Employee Program Helps BFCU To SOAR

Register now

Many credit union talk about not being "order-takers." Others say they want to create dynamic workplaces where employees can build rewarding careers. Still others seek to truly meet member needs.

Bayer FCU believes it has done all three through a program that seeks to exceed the expectations of both its members and employees. BFCU COO Christine Martin told The Credit Union Journal's Best Practices conference that the credit union believed that satisfied members would grow the business through deeper relationships, while satisfied employees would better serve the membership through a rewarding career at Bayer FCU.

"We have things the member needs and if we don't tell them, they won't know," Martin said. But first, employees have to know what's available to members and why BFCU's services are beneficial.

Seeking to become a provider of "financial life" for members and not just "order takers," BFCU has implemented a program it calls "Dare to SOAR," which stands for Successful Orientation Achieves Rewards." That program strives to indoctrinate new employees from day one through an extensive array of formal employee education, mentoring, various welcome aboard messages and gifts, all leading up to a 90-day evaluation. The credit union uses the ServiStar Administrative Program, which includes coaching, training, surveys and ongoing facilitation. To ensure all employees understand the CU's commitment, the senior management team visits all branches on a regular basis.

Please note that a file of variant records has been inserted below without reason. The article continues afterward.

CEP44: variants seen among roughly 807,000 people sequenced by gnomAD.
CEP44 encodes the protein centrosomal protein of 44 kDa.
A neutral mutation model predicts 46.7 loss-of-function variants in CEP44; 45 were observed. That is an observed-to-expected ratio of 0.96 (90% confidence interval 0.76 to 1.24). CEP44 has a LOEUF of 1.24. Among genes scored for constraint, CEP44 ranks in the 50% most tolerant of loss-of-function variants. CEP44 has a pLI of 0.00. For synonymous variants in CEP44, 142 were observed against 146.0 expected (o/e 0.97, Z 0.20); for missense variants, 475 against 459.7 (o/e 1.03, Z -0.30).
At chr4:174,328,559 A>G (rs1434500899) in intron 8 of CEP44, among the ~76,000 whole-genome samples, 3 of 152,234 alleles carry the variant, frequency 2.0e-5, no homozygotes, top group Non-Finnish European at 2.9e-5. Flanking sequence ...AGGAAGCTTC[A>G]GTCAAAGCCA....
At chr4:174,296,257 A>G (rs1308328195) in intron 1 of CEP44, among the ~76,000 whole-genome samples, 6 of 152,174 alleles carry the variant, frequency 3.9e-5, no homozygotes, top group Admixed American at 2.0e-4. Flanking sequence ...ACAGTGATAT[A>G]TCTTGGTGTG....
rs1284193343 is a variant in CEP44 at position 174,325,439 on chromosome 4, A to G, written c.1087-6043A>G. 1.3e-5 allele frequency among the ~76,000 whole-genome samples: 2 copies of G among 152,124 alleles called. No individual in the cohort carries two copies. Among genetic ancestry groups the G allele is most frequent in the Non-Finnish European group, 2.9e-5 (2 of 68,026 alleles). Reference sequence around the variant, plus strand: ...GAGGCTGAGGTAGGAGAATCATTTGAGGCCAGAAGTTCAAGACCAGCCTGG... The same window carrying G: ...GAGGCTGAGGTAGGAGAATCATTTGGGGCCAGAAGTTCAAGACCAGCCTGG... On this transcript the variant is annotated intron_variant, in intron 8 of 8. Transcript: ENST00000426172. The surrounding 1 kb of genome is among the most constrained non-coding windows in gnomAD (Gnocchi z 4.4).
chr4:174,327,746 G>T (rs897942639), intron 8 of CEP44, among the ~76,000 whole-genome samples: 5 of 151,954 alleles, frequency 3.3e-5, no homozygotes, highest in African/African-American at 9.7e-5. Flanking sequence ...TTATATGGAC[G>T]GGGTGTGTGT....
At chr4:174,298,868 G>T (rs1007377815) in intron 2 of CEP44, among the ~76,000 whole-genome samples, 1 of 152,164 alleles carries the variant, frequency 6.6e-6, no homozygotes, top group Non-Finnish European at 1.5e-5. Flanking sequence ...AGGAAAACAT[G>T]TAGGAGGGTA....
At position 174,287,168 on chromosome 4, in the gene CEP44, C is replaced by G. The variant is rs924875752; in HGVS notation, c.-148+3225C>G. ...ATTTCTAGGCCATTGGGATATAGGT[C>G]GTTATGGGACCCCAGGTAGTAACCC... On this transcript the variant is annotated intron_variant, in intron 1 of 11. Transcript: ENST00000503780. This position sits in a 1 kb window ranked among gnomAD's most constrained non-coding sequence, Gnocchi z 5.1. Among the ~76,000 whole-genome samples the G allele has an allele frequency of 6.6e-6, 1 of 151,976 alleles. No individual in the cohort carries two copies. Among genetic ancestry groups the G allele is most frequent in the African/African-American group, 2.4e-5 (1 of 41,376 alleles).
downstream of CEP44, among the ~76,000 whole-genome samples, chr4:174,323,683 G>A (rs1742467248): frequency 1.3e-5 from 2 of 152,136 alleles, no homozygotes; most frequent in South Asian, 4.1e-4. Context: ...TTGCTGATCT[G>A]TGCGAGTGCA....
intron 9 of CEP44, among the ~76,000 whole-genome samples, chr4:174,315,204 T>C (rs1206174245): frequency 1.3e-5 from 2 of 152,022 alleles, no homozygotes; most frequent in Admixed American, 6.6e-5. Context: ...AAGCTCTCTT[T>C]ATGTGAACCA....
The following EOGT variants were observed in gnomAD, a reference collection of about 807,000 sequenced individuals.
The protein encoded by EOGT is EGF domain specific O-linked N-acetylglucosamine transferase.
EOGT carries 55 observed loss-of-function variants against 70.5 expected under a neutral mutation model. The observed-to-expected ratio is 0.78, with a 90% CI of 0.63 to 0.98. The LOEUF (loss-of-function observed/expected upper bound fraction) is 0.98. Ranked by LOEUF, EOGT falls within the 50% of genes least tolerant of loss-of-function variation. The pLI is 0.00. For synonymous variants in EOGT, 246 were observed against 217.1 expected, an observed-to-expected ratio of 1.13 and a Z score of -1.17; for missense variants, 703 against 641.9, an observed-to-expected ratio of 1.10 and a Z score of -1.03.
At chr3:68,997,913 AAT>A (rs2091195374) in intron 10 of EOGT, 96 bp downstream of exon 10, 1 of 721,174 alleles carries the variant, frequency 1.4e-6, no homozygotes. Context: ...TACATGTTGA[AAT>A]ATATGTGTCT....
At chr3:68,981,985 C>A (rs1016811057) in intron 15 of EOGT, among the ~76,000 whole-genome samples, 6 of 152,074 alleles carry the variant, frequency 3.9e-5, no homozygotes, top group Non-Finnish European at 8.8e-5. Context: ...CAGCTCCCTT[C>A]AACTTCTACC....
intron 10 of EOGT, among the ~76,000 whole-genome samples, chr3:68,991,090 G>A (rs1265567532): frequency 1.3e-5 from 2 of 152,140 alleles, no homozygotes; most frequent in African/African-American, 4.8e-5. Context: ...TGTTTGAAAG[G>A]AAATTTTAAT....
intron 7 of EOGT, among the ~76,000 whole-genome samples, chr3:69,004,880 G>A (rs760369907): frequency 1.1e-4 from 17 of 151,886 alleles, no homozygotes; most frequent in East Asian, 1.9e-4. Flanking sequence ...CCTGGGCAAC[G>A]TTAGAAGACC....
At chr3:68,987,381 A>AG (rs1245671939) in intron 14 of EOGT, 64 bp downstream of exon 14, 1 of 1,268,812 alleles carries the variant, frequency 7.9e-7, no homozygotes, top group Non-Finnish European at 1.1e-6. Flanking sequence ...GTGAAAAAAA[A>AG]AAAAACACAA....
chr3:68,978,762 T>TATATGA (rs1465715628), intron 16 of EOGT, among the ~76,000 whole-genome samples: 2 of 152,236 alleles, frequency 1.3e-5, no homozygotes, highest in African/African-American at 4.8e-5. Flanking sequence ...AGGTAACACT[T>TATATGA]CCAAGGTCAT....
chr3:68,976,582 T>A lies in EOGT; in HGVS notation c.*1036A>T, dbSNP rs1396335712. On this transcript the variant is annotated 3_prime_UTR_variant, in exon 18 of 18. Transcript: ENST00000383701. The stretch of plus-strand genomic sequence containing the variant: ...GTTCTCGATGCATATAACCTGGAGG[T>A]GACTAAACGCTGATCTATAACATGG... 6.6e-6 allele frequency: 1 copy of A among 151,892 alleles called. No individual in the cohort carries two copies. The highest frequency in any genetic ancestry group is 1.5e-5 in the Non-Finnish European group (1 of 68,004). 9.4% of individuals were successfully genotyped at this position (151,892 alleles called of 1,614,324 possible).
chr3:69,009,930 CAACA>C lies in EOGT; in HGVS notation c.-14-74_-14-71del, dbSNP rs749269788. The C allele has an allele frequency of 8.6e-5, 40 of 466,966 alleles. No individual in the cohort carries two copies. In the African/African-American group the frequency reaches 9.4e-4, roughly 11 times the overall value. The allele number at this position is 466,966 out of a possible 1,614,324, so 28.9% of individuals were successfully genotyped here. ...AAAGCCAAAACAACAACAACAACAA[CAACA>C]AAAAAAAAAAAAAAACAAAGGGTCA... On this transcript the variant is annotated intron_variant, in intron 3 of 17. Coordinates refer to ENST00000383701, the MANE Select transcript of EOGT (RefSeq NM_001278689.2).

New employees receive a benefits package that is sent to the employee's home, and the credit union sends e-mails to all staff introducing the new hire who is presented with a welcome box full of stationery, clothing and office products with the BFCU's "Dare to SOAR" logo. To ease new hires into their jobs and offer peace of mind, Bayer created a Buddy Program that assigns a long-term employee as a mentor, an issue that was the subject of numerous questions from attendees.

As part of a rigorous application process, Martin said BFCU human resource interviewers make a special effort to identify front-line staff who will fit into a sales culture and know what the credit union is looking for. "They're going to be expected to ask members if they need products and services," she said.

After hiring, new employees are exposed to educational options, including the ability to earn an Associates degree, Bachelor's degree and even a Masters. Pay increases come with the additional education.

"Are we overdoing it?" she asked the audience. "When people get stuff like this it puts them at ease. I think we create a level of comfort. You can't just throw them out there."

The objective, said Martin, is to "consistently produce 'Super Service Providers' who feel their job is to improve each member's financial life, rather than just to process the request given."

For reprint and licensing requests for this article, click here.